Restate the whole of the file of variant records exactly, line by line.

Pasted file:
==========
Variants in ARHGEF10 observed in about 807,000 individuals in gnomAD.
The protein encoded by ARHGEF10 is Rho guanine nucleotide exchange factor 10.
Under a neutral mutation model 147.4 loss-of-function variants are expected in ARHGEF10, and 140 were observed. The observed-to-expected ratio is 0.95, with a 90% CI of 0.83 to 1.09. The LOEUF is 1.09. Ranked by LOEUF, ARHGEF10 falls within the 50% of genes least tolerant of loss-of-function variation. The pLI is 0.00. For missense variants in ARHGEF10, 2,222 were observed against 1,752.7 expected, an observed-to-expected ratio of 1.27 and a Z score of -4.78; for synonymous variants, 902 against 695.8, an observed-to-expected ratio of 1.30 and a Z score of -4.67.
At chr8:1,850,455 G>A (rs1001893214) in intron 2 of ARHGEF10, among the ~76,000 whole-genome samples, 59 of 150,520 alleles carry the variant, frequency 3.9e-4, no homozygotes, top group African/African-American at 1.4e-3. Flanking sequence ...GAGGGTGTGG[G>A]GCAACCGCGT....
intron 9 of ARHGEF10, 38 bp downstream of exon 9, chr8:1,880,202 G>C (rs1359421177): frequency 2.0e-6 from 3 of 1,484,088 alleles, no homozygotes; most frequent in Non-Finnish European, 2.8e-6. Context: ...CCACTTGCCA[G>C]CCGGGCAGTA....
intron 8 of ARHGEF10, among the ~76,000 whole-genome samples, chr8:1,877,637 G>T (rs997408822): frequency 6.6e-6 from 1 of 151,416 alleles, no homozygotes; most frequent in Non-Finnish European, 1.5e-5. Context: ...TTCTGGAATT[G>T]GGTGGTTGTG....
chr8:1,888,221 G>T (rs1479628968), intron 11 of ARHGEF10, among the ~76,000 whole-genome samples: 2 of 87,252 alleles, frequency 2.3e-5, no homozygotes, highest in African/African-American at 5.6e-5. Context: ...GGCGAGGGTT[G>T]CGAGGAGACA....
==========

Variants in ARHGEF10 observed in about 807,000 individuals in gnomAD.
The protein encoded by ARHGEF10 is Rho guanine nucleotide exchange factor 10.
Under a neutral mutation model 147.4 loss-of-function variants are expected in ARHGEF10, and 140 were observed. The observed-to-expected ratio is 0.95, with a 90% CI of 0.83 to 1.09. The LOEUF is 1.09. Ranked by LOEUF, ARHGEF10 falls within the 50% of genes least tolerant of loss-of-function variation. The pLI is 0.00. For missense variants in ARHGEF10, 2,222 were observed against 1,752.7 expected, an observed-to-expected ratio of 1.27 and a Z score of -4.78; for synonymous variants, 902 against 695.8, an observed-to-expected ratio of 1.30 and a Z score of -4.67.
At chr8:1,850,455 G>A (rs1001893214) in intron 2 of ARHGEF10, among the ~76,000 whole-genome samples, 59 of 150,520 alleles carry the variant, frequency 3.9e-4, no homozygotes, top group African/African-American at 1.4e-3. Flanking sequence ...GAGGGTGTGG[G>A]GCAACCGCGT....
intron 9 of ARHGEF10, 38 bp downstream of exon 9, chr8:1,880,202 G>C (rs1359421177): frequency 2.0e-6 from 3 of 1,484,088 alleles, no homozygotes; most frequent in Non-Finnish European, 2.8e-6. Context: ...CCACTTGCCA[G>C]CCGGGCAGTA....
intron 8 of ARHGEF10, among the ~76,000 whole-genome samples, chr8:1,877,637 G>T (rs997408822): frequency 6.6e-6 from 1 of 151,416 alleles, no homozygotes; most frequent in Non-Finnish European, 1.5e-5. Context: ...TTCTGGAATT[G>T]GGTGGTTGTG....
chr8:1,888,221 G>T (rs1479628968), intron 11 of ARHGEF10, among the ~76,000 whole-genome samples: 2 of 87,252 alleles, frequency 2.3e-5, no homozygotes, highest in African/African-American at 5.6e-5. Context: ...GGCGAGGGTT[G>T]CGAGGAGACA....